If the mod is placed in the correct location in Step 1, then you should see it listed in the Mods menu:
A mod that has not yet been uploaded to the Steam Workshop will have 2 icons for its entry:
- UploadClicking this icon will begin the upload process to the Steam Workshop. (REMOVED)
- OpenClicking this icon will open up a file browser window for your operating system and show you the mod folder on the computer.
- EnableClicking this icon will enable/disable the mod within the game.
Uploading to the Steam Workshop
Click on the Upload button in Step 2. A window will appear asking you to accept the publishing terms:
You must agree to these terms if you want your mod to be uploaded to the Steam Workshop.(Feature removed)
Once you accept the terms and click the Agree button, the mod will start uploading. A successful upload to the Steam Workshop will display a prompt saying the mod was uploaded:
An addition icon will now appear in the mod listing:
- Details Click this icon to open your Steam browser to the Steam Workshop page for the mod. You can now enter in information about the mod on the Steam Workshop and upload any additional media to showcase the mod.
After the mod has been successfully published to the Steam Workshop, the mod directory will now contain a file called SteamID.txt:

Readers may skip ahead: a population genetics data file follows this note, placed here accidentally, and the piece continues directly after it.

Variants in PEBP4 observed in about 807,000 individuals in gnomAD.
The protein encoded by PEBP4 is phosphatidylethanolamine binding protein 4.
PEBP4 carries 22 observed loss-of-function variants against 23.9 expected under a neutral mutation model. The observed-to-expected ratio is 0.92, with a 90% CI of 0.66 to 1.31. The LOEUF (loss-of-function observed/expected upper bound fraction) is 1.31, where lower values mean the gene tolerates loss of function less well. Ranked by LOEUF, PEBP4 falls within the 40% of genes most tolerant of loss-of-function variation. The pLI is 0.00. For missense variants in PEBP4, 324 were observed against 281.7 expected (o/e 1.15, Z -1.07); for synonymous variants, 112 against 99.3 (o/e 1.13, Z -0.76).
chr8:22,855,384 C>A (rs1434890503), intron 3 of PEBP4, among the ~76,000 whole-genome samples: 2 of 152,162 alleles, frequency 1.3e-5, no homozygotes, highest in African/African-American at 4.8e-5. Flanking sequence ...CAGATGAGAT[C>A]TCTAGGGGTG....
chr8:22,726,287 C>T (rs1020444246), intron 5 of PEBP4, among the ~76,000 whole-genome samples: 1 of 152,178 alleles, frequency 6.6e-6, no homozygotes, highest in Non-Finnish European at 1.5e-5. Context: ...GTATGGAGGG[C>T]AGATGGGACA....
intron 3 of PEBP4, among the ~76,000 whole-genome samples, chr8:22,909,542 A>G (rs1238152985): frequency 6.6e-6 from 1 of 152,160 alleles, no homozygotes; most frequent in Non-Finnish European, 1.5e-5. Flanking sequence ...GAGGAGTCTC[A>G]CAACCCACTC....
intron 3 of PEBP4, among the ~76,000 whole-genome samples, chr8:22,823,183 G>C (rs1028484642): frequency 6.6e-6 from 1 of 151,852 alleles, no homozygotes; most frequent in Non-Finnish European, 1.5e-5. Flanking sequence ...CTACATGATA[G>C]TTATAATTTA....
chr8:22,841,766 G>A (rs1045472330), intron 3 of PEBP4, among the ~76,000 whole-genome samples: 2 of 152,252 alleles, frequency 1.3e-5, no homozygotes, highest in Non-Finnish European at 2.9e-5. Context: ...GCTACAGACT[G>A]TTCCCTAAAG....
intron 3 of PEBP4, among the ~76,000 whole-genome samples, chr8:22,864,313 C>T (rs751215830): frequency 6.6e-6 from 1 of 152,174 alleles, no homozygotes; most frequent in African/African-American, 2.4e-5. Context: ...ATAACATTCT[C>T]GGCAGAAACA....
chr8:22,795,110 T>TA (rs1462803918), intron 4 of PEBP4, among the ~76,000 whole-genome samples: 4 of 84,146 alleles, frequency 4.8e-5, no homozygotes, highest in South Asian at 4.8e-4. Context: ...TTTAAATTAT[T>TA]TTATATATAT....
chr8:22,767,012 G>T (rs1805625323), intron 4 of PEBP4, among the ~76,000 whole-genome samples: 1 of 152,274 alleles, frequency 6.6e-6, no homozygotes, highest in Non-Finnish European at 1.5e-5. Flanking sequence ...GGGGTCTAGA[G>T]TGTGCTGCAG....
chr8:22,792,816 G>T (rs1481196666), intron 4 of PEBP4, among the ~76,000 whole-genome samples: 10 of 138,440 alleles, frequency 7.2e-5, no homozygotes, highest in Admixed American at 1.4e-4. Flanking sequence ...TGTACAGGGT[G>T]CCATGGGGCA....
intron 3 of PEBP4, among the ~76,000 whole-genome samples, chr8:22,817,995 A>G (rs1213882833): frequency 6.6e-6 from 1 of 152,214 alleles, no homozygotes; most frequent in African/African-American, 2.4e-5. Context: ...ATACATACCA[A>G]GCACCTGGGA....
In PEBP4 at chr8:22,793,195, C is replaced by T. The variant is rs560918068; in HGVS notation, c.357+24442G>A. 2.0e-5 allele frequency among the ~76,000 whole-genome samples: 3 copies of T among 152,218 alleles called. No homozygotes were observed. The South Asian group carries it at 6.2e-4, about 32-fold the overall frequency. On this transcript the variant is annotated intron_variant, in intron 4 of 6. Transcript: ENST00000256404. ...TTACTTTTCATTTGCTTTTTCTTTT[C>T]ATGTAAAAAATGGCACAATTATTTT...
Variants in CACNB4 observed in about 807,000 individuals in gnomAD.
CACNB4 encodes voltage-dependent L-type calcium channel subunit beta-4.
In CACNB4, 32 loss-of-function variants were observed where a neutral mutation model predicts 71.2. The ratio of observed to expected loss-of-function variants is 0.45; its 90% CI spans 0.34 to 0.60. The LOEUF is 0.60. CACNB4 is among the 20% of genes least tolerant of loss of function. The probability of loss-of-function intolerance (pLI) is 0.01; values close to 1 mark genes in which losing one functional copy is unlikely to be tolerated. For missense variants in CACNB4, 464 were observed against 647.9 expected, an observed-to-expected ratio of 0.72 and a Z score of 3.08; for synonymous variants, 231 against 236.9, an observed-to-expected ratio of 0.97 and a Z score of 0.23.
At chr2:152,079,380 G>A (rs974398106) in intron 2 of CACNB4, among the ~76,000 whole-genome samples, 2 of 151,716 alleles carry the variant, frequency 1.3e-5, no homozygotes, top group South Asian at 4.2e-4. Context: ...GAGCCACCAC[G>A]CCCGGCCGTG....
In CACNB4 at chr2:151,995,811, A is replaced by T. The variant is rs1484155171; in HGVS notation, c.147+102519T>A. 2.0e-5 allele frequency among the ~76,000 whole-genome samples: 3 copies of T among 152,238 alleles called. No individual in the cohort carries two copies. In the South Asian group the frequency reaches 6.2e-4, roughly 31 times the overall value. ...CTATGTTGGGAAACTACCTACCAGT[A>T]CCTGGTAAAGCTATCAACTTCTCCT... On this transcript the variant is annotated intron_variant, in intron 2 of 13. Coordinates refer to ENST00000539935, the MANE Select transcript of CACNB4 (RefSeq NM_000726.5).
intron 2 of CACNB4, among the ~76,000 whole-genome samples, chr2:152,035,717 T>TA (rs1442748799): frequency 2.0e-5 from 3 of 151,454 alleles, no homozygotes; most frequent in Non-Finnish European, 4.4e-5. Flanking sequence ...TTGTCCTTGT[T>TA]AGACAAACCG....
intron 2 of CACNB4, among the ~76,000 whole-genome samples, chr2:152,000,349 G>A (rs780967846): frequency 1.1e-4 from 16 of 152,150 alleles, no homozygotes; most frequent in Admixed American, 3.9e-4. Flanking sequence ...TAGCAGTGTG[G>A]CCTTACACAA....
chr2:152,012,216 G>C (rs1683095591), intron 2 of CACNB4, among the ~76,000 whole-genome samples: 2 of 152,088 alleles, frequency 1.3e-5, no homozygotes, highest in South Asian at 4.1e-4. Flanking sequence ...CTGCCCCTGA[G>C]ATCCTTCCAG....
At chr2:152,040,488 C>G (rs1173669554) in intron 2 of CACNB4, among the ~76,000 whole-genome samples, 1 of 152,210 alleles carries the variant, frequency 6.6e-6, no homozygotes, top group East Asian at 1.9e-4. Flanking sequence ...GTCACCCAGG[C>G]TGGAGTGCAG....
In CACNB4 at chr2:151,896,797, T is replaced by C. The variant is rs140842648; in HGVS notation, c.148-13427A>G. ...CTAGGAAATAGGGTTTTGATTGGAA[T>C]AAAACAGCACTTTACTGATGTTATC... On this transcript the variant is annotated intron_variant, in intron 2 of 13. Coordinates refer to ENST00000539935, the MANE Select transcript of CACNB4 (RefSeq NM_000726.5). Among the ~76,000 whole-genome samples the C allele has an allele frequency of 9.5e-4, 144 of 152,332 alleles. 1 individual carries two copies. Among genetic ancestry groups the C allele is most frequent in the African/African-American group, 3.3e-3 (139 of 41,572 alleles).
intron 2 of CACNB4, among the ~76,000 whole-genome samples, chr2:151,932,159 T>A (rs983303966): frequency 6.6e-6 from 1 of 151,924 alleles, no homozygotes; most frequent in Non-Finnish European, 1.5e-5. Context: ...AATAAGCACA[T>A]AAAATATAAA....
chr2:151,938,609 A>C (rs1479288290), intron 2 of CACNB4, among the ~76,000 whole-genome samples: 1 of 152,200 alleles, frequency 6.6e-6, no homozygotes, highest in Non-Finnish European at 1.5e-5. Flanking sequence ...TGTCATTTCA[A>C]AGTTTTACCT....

This file is the unique Steam Workshop URL corresponding to the mod.
Any changes / updates to the mod, simply re-upload using the Upload icon as before.
Here are some common errors you might encounter when attempting to upload the mod:
- k_EResultFail - Generic failure.
- k_EResultInvalidParam - Either the provided app ID is invalid or doesn't match the consumer app ID of the item or, you have not enabled ISteamUGC for the provided app ID on the Steam Workshop Configuration App Admin page. The preview file is smaller than 16 bytes.
- k_EResultAccessDenied - The user doesn't own a license for the provided app ID.
- k_EResultFileNotFound - Failed to get the workshop info for the item or failed to read the preview file.
- k_EResultLockingFailed - Failed to aquire UGC Lock.
- k_EResultFileNotFound - The provided content folder is not valid.